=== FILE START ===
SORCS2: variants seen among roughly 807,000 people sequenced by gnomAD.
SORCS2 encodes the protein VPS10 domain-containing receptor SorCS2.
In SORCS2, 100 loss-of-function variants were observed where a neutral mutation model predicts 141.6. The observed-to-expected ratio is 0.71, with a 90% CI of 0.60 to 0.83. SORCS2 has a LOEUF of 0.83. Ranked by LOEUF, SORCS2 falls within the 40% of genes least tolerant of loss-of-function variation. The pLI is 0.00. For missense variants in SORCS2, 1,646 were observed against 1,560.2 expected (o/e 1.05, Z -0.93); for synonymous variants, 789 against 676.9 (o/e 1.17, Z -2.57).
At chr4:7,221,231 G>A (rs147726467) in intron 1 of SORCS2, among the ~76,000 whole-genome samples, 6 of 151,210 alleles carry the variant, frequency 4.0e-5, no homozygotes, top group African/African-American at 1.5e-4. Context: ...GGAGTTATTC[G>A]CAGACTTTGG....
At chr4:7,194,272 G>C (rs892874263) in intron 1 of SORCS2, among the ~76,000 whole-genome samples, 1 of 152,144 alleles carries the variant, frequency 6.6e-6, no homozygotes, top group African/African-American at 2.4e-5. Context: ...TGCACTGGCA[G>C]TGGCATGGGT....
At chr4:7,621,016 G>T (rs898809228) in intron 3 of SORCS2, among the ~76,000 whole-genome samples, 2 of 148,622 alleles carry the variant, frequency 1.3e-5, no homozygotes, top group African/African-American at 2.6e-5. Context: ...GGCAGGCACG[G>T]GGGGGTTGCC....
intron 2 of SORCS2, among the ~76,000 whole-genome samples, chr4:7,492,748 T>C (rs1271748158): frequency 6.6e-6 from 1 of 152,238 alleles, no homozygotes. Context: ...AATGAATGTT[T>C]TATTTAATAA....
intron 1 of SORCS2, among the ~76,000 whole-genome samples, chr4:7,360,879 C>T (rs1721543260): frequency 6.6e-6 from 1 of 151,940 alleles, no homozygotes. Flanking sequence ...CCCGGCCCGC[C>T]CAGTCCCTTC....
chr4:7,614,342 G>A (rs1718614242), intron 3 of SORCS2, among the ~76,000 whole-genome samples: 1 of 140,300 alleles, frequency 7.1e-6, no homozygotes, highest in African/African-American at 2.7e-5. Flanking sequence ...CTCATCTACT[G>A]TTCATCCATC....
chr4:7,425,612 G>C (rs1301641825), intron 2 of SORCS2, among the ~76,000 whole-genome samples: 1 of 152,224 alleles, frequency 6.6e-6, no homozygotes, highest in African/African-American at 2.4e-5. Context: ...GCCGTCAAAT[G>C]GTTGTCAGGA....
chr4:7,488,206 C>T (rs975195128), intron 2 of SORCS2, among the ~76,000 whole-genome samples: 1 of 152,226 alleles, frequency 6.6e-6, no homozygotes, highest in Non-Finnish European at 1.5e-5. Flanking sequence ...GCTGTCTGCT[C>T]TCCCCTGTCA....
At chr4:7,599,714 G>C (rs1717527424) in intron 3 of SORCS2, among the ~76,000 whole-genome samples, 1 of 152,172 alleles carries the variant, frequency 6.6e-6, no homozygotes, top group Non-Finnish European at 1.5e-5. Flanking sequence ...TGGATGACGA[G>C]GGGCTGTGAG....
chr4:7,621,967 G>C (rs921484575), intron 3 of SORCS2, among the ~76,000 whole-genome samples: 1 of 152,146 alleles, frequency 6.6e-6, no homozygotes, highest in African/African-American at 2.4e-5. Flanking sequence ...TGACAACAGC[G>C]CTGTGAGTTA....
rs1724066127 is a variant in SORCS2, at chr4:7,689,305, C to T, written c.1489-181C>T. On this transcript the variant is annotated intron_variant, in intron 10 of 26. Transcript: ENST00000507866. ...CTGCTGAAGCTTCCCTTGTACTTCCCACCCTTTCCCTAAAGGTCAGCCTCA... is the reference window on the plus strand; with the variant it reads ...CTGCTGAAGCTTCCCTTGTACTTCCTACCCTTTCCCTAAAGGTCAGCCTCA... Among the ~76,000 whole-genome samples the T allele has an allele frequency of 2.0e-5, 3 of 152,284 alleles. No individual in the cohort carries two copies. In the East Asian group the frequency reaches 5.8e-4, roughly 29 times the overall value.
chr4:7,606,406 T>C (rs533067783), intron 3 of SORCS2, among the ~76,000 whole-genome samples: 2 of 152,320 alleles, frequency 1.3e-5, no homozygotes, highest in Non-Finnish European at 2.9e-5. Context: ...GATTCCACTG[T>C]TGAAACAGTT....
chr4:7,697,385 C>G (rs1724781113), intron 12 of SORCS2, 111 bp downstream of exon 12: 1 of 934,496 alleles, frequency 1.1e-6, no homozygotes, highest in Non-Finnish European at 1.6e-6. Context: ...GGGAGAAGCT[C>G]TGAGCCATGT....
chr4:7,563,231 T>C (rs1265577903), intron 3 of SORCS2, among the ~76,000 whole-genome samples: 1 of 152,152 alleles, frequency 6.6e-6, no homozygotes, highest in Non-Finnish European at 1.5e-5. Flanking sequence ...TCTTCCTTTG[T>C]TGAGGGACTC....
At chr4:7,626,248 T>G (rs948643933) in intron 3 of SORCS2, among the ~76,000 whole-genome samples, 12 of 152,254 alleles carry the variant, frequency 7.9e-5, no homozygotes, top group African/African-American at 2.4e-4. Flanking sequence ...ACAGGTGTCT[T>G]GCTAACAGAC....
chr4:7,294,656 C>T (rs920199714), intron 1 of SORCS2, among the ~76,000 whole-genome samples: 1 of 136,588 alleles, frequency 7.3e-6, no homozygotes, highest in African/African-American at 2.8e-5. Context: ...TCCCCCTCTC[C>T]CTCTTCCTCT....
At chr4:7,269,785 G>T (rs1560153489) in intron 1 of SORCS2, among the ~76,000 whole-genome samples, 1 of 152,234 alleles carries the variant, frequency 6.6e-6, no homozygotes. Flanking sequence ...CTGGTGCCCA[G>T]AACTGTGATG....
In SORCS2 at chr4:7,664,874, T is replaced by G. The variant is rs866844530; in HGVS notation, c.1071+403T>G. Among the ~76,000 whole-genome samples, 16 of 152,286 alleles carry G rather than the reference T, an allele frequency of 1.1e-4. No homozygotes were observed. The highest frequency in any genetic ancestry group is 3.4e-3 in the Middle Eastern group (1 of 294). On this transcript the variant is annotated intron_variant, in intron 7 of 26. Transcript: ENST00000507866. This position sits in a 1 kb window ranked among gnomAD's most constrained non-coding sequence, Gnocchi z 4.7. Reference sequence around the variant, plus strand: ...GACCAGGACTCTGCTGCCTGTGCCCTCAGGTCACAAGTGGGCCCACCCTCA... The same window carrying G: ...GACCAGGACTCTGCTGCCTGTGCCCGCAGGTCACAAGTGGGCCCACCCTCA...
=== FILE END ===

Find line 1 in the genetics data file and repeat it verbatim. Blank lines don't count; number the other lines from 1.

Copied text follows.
SORCS2: variants seen among roughly 807,000 people sequenced by gnomAD.